The incidence of melanoma and survival of patients with the disease have increased over the last several decades, with a growing population of patients who develop multiple primary melanomas (MPM), according to a recent investigation. To determine risk factors for developing MPM and compare the survival of patients with MPM to those with single primary melanomas (SPM), a prospective, multidisciplinary database of patients with melanoma at a single tertiary care institution was retrospectively reviewed. From 1985 to 2013, 6,963 patients with SPM and 305 patients with MPM were identified. Mean follow-up was 8.3 ± 6.3 years for patients with SPM, and 8.8 ± 5.9 years for patients with MPM. Researchers found:
- Risk of developing multiple melanomas increased with age at diagnosis of first melanoma (HR = 1.20 for a 10-year increase in age), male sex (HR = 1.44), and white race (HR = 3.07).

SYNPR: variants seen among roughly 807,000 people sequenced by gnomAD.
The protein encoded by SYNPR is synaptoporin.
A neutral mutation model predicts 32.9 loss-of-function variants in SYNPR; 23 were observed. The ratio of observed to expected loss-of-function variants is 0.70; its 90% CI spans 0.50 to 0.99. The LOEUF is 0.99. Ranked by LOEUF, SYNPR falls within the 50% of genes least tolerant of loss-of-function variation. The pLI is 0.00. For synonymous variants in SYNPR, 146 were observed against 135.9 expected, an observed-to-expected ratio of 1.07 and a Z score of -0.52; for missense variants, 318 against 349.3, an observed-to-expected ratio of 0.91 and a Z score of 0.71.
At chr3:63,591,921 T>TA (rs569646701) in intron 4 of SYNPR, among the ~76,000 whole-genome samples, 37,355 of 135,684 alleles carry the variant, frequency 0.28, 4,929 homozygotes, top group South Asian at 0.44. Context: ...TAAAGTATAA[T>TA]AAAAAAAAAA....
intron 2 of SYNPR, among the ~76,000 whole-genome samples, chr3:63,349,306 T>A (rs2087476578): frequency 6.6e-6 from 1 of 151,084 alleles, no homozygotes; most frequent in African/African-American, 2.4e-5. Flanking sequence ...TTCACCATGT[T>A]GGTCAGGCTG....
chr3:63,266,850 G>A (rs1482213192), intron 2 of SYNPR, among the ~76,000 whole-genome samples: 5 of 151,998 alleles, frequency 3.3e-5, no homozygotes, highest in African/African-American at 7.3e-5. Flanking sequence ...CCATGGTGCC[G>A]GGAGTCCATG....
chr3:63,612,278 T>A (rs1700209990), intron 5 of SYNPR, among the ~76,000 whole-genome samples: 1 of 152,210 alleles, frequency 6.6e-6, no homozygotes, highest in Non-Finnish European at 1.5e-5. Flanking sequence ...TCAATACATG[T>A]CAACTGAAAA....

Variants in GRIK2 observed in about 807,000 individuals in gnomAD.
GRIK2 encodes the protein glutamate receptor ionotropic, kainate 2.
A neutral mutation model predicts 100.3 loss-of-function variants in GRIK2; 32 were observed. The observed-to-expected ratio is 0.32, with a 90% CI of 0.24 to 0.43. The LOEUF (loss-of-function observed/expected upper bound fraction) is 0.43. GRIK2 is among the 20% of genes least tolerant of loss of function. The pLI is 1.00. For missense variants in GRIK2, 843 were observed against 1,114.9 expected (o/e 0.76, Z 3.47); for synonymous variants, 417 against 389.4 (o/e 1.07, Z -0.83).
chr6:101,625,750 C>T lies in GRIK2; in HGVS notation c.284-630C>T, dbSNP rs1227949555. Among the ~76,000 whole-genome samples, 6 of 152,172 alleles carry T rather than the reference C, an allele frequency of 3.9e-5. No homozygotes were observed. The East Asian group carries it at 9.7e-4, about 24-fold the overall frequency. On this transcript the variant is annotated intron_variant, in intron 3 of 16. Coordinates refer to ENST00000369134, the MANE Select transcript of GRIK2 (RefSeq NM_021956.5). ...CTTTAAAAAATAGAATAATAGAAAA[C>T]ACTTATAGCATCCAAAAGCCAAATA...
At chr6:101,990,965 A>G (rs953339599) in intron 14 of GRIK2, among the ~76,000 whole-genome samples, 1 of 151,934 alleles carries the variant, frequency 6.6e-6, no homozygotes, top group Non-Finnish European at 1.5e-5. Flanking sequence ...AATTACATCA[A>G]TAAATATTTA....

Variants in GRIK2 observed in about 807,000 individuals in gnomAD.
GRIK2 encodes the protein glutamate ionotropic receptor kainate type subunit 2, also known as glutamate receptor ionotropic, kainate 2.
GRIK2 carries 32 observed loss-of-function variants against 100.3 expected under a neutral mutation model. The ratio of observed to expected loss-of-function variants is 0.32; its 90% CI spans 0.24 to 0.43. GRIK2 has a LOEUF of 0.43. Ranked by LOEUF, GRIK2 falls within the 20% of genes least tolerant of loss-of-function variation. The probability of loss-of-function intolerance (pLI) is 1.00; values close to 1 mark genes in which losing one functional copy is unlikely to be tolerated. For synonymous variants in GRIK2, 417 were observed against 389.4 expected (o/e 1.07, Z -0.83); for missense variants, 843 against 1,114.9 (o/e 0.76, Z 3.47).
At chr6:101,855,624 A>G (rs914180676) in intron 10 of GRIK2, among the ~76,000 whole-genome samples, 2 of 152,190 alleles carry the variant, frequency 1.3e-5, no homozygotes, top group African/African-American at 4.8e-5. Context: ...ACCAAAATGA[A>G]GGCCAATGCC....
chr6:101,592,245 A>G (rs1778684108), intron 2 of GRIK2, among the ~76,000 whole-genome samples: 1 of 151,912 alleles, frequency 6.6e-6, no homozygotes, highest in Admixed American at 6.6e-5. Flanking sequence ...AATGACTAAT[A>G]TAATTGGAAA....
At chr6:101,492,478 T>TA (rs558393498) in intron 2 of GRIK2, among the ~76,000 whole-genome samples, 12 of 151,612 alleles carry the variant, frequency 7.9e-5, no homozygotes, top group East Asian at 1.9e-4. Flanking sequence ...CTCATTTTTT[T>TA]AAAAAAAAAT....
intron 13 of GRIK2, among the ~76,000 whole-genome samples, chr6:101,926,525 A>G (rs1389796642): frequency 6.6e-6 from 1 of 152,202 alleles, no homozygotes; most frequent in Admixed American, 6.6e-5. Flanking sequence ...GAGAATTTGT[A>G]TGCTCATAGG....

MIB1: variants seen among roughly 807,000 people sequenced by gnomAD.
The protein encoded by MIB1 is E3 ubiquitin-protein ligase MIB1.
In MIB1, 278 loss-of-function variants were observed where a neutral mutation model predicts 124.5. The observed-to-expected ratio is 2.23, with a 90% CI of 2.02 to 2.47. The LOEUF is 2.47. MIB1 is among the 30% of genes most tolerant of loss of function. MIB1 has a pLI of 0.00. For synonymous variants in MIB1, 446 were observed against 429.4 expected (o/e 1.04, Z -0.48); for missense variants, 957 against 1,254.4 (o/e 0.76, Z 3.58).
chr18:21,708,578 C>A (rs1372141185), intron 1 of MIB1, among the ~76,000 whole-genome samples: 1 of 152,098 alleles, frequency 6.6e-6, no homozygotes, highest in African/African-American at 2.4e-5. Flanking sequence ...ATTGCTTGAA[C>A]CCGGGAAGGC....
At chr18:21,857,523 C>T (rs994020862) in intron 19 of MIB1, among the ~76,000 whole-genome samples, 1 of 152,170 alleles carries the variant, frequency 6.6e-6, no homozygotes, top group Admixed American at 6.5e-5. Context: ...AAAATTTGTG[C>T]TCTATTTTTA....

- Patients with invasive MPM had increased risk of melanoma-specific death both before (HR = 1.47), and after, adjusting for age, sex, site, race, family history of melanoma, personal history of other cancer, and Surveillance, Epidemiology, and End Results (SEER) stage (HR = 1.44).
Nosrati A, Yu WY, McGuire J, et al. Outcomes and risk factors in patients with multiple primary melanomas. [Published online ahead of print July 19, 2018]. J Invest Dermatol. doi:10.1016/j.jid.2018.07.009.
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